Driving north on Lexington Avenue, a block before you pass under I-240, you can’t help but notice a brick building ahead and to the right. Its windows have been obscured by an orange and black mural. What is it?
As you drive closer, you make out a goofy organ/keyboard/thingy with all sorts of dials on a control panel and cartoon lightning bolts emanating from the sides. The artwork takes up the entire north side of the building, except for a small rectangle containing the letters: m-o-o-g.
“Oh—that must be a billboard for Moogfest,” you might wonder “or maybe that’s the Moog museum. I think I read about that somewhere….”
Many Ashevillians would be surprised to know what really goes on inside that crazily decorated building. It is the world headquarters of Moog Music Inc., a company started forty years ago, by Bob Moog, the inventor of the first purely electronic musical instrument: the Moog synthesizer.
MOOG—IT RHYMES WITH VOGUE[dropcap]A[/dropcap] synthesizer is an electronic instrument, which creates sound by the oscillation of electrical voltage passing through components in a transistorized circuit. These oscillations, or vibrations, are amplified and played through a speaker, which your ear interprets as sound.
The usual way to command notes from a synthesizer, or ‘synth,’ is with a keyboard. So, most times, a synth resembles a very small electric piano or portable organ.
Is electronic music a series of ‘bloops and bleeps’ from the soundtrack of a bad sci-fi film? Hardly. If you were listening to the radio anytime in 1968, you could not have escaped hearing the album Switched on Bach by Wendy Carlos. It was a collection of classical music played exclusively on the (then unknown), Moog synthesizer. Everyone loved it—from uptight classically trained purists to incense burning rock-n-rollers—they bought it. Switched on Bach won three Grammys and became the first Platinum-selling classical record in history.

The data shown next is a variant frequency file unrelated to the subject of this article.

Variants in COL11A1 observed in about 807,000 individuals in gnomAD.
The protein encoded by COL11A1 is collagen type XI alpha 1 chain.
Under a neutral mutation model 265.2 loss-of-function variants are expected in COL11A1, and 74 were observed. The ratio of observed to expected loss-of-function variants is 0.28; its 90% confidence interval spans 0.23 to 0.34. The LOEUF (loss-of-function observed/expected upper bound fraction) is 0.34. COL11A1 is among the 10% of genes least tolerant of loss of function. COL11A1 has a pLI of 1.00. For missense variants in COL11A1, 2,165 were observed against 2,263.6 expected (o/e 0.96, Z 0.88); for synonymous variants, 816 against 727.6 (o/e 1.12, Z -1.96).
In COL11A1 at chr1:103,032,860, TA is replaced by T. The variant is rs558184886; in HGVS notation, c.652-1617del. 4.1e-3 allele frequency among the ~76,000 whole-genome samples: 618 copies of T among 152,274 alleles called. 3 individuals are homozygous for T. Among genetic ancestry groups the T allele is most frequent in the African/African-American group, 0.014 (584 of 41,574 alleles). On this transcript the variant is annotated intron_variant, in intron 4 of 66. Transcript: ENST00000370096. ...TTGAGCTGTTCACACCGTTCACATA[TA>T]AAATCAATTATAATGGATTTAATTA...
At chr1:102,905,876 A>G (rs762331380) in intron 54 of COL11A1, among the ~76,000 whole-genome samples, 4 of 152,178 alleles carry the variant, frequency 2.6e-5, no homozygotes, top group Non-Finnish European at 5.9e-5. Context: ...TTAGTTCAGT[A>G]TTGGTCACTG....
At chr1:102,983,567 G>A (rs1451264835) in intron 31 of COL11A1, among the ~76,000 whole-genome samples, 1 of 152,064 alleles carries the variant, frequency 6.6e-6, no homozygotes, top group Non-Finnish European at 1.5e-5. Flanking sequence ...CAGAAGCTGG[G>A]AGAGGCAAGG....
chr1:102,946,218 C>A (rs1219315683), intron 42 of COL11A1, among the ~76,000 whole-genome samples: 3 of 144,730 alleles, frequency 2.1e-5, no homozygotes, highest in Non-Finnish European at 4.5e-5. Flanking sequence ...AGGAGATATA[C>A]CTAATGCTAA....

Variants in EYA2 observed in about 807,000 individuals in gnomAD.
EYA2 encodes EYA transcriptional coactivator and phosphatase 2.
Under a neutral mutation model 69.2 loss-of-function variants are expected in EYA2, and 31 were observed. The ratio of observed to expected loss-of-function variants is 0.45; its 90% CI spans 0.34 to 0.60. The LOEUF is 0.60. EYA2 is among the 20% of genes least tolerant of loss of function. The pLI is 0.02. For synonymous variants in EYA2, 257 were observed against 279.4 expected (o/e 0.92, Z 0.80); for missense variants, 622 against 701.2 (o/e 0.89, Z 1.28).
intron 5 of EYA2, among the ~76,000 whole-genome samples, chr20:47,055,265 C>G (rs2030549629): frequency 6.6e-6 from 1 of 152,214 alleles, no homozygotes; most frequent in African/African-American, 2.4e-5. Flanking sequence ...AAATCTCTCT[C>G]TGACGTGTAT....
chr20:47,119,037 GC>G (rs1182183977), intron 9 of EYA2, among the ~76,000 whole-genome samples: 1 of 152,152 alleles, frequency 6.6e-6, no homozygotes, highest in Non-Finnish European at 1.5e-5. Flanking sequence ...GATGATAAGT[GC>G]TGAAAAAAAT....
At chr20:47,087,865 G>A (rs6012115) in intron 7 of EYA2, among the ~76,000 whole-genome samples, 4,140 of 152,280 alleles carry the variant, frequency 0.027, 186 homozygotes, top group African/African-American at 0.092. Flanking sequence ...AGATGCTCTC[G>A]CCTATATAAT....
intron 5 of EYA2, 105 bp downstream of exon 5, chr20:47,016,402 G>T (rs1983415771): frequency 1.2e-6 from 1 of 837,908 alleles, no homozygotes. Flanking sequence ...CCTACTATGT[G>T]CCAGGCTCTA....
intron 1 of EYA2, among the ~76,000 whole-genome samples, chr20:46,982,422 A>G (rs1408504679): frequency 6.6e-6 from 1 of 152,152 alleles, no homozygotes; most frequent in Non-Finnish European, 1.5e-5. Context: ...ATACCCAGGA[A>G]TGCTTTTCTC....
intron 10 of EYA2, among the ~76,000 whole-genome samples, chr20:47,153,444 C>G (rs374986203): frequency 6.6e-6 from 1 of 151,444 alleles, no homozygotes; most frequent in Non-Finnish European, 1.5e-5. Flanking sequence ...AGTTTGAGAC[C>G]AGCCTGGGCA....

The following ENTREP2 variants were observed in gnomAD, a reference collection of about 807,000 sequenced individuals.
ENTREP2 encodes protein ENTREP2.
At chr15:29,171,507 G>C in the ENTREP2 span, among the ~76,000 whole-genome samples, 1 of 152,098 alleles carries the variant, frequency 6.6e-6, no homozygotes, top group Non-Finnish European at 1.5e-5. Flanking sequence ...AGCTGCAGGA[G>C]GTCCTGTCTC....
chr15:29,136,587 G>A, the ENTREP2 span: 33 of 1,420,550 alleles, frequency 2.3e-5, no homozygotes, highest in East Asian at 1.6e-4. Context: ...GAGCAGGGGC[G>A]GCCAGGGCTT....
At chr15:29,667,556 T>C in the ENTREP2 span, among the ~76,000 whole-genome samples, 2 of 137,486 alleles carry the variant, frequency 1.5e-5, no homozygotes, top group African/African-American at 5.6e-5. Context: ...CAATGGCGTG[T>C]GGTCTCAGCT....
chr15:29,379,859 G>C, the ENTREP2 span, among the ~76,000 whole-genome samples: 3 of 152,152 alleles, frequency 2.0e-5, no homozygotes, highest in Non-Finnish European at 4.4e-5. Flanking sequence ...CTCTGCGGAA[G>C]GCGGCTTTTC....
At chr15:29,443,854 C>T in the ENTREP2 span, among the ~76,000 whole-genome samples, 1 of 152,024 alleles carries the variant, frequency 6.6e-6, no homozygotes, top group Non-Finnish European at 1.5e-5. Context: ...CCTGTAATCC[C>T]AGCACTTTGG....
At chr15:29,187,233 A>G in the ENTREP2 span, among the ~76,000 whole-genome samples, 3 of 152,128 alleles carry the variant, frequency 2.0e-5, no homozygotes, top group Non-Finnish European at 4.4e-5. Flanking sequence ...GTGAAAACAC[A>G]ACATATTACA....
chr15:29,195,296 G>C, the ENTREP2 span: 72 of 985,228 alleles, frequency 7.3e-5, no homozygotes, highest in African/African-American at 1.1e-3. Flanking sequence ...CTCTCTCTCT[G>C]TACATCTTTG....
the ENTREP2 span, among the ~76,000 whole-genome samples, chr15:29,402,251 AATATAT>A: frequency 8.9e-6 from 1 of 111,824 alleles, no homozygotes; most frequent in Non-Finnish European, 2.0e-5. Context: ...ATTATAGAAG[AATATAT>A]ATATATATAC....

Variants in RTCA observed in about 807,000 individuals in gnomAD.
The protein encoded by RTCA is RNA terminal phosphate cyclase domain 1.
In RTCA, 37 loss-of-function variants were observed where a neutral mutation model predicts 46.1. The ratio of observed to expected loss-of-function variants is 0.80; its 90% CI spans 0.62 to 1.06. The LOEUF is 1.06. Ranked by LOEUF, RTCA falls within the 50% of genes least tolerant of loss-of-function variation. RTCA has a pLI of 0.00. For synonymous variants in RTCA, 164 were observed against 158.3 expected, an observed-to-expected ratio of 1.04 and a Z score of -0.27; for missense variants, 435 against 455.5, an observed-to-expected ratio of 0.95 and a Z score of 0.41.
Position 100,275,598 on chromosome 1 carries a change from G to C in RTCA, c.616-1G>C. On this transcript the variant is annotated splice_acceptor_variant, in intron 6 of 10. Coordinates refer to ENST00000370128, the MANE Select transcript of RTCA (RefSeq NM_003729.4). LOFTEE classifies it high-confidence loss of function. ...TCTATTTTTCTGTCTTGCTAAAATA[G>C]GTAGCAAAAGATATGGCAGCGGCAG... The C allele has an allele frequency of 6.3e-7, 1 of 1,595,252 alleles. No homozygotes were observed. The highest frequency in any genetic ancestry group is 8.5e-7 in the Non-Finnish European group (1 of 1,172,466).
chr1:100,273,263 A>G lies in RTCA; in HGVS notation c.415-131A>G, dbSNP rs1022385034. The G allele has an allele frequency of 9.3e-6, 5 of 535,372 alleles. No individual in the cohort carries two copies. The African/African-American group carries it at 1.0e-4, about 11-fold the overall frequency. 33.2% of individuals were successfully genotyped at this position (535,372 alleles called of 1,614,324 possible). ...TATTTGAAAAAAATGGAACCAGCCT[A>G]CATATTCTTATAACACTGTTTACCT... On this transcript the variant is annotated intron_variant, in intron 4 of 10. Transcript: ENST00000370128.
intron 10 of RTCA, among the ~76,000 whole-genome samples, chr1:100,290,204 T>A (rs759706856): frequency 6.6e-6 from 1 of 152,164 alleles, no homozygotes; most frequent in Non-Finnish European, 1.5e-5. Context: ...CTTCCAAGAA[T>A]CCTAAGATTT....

This recording is credited with putting Bob Moog’s instrument in the public spotlight and launching his business. All of the electronic instruments on today’s market are, in one way or another, offshoots of Bob Moog’s original design.
You may never have heard Switched on Bach but you have heard a synthesizer, we assure you. Across all genres, today’s music industry relies heavily on synthesizers of all brands. Synths can reproduce the sounds of a chorus of violins or brass instruments—why hire an orchestra when a synthesizer can create the same effect? Synths can also sound like a guitar or acoustic bass, thunder, or a freight train. Sounds that emanate from the keys are limited only by the musician’s creativity. If you listen to music, any kind of music, you’ve heard a synthesizer.
Ten years after Carlos’ breakout-hit record, Bob lost control of his company, Moog Music Inc., and moved from the Northeast to Asheville in 1978. Moog was a brilliant inventor…business wasn’t his strong suit.
In Asheville, he continued building his musical products under the new brand, ‘Big Briar.’ In addition to his own products, Bob consulted for other musical instrument companies like Crumar and Kurzweil.
Twenty-four years after he lost the company in 2002, Bob regained the right to put his name on the equipment he manufactured. Moog Music was his again, but all was not rosy. The company had a lucrative backlog of orders but no capital with which to fulfill them. Bob needed help to save his enterprise, so he hired an experienced local businessman, Mike Adams, who continues today as the CEO of Moog Music.
Bob Moog passed away in 2005, the casualty of an inoperable brain tumor, but to his employees and millions of fans, he never died. He lives on through the products manufactured at 160 Broadway. Touring the Moog facility, you easily get the impression that you just missed Mr. Moog; he stepped out to run an errand minutes ago.
A senior engineer for Moog Music is Steve Dunnington, who worked alongside Bob Moog for 11 years until the latter’s passing. Dunnington and chief engineer, Cyril Lance, have some big shoes to fill, as the Moog name is associated with the analog synthesizer and a plethora of musical inventions spanning 50 years. As a result, the engineering team takes great care to build new products that align with Bob’s innovative design philosophy.
Bob Moog wasn’t a musician. He was a brilliant physicist who loved to design electronic machines that make or alter sounds. Moog’s reputation as a tireless inventor continues after his passing.
While their competitors rely on the music-industry marketing technique of highlighting stars that use their gear, Moog Music has done a remarkable job of using their founder’s eclectic, techno-wizard image to a strong marketing advantage.
Today, the Minimoog synthesizer provides the largest percentage of Moog Music’s revenue, but the Theremin, Bob’s first product, ships in the highest volume. Sandwiched between these two, is an assortment of smaller analog synths, as well as guitar and bass effects boxes.
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